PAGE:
Victoria Baird

The ADA - an outside perspective

The ADA turns 25 this month and our very own texthelper, Victoria, give us her thoughts on the anniversary. 


We have an anniversary to celebrate.

It’s not someone’s birthday, or a wedding anniversary - it’s a celebration of one of America’s most comprehensive pieces of civil rights legislation, The Americans with Disabilities Act (ADA).

The ADA turns 25 this month (July 2015).

We envision a world in which all people are accepted and valued for who and how they are. From this law, it is estimated that 19% of Americans with disabilities have been protected from disability-based discrimination.

As wonderful as this anniversary is, it’s strange to think that this law was only signed by President George H.W Bush in 1990. It’s hard to believe I was 7 years old when it was passed.

As someone who lives outside of the US (Northern Ireland to be precise!), I am aware of the ADA and can see it’s impact on a global scale.

In 1993, Dr. Leandro Despouy, special rapporteur to the Human Rights Commission for the United Nations, issued the first U.N. Report on the status of human rights for persons with disabilities in the world. The ADA was one of the laws that Dr. Despouy used to support the report.

And in 2009, President Barack Obama signed the Convention on the Rights of Persons with Disabilities (CRPD), an international treaty that calls for ADA-like protections for people around the world.

This week, President Obama honored those who made the ADA law, – including  activists, congressional representatives, and stakeholders who worked tirelessly to ensure that millions of Americans with disabilities had the chance to make their contributions to the world.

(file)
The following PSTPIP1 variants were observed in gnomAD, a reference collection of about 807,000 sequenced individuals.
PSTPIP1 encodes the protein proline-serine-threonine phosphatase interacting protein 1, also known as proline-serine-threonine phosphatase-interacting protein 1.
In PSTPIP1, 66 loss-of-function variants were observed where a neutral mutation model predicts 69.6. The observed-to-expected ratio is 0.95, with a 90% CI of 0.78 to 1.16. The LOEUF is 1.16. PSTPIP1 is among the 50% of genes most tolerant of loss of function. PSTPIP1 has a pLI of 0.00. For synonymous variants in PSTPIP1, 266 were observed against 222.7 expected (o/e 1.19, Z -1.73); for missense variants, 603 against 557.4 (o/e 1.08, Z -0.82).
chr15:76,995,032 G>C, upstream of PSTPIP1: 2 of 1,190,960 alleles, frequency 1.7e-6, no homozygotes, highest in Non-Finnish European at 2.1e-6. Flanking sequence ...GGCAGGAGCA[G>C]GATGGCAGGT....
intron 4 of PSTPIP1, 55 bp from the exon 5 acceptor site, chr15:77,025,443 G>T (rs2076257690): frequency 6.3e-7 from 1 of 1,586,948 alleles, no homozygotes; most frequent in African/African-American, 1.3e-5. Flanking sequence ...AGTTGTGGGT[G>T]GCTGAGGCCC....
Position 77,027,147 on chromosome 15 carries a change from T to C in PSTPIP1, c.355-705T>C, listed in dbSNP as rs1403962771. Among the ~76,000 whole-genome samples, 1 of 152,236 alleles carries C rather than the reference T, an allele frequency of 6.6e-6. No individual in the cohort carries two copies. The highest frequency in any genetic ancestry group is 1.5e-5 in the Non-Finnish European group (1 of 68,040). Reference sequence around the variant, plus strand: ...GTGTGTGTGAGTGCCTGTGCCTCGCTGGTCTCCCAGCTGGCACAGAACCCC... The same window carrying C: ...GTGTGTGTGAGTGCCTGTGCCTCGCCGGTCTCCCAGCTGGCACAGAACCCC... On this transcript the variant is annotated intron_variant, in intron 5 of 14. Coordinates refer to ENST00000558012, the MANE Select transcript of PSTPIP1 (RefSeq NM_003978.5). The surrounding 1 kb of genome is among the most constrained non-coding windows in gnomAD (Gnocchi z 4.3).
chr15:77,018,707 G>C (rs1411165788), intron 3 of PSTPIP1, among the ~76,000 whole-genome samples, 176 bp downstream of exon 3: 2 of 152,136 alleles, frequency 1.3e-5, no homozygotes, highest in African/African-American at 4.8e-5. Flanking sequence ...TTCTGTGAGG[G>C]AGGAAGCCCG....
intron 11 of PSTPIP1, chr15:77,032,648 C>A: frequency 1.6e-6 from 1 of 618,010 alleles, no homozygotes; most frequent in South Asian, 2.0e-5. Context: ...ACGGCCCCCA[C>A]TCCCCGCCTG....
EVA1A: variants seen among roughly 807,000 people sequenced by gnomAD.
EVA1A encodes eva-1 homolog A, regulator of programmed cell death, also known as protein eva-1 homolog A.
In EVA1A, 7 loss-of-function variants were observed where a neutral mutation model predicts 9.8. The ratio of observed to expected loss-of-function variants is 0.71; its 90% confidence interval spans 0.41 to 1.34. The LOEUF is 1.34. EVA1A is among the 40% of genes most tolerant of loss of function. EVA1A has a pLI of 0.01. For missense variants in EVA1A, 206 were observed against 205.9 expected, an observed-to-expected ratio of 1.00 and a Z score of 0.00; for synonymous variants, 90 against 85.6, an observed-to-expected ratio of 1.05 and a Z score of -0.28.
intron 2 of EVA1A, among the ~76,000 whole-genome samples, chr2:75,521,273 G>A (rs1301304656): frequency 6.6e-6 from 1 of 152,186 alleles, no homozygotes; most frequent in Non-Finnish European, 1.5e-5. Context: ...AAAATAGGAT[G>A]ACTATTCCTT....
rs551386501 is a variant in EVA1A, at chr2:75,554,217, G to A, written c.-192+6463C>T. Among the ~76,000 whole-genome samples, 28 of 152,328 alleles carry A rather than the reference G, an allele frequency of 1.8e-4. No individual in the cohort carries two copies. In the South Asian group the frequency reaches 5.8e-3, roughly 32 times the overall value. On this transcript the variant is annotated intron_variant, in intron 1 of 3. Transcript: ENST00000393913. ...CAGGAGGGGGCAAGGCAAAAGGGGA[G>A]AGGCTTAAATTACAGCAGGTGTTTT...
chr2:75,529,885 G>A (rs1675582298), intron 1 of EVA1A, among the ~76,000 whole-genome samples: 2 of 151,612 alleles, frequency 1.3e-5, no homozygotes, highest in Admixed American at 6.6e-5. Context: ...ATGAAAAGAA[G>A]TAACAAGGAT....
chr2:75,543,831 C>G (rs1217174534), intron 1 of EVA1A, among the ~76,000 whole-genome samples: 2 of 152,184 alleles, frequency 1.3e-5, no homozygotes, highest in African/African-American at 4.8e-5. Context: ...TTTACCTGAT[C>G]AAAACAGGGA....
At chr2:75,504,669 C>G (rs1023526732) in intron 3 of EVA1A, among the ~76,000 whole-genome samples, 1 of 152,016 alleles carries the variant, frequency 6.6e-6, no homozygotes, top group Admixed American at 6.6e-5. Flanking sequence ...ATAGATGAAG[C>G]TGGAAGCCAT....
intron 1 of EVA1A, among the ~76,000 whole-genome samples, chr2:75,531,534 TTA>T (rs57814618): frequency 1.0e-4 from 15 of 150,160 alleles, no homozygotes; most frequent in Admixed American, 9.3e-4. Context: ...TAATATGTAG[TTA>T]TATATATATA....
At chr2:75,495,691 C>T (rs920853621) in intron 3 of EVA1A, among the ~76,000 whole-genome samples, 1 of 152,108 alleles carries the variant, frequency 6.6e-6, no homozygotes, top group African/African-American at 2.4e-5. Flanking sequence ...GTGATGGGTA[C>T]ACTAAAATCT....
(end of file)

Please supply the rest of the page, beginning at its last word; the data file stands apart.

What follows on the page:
"Thanks to the ADA, the places that comprise our shared American life -- schools, workplaces, movie theaters, courthouses, buses, baseball stadiums, national parks -- they truly belong to everyone." — President Obama

However, more needs to be done. From America, and beyond.

Organizations worldwide need to ensure that there are no barriers to employment, transportation, public accommodations, public services, and telecommunications, to name a few.

Every organization can benefit from having disabled staff, and disabled customers.
By providing support for those with both physical and hidden disabilities, organizations have the opportunity to show their commitment to establishing and maintaining a culture of inclusion where everyone can succeed in achieving his or her own personal and professional goals.

Changing the culture within any organisation is a tough journey but it can be achieved. Not only does the organization benefit but also the staff and the community too.
I would love to hear your thoughts on the ADA. What does it mean to you?

Please feel free to leave your comments below.

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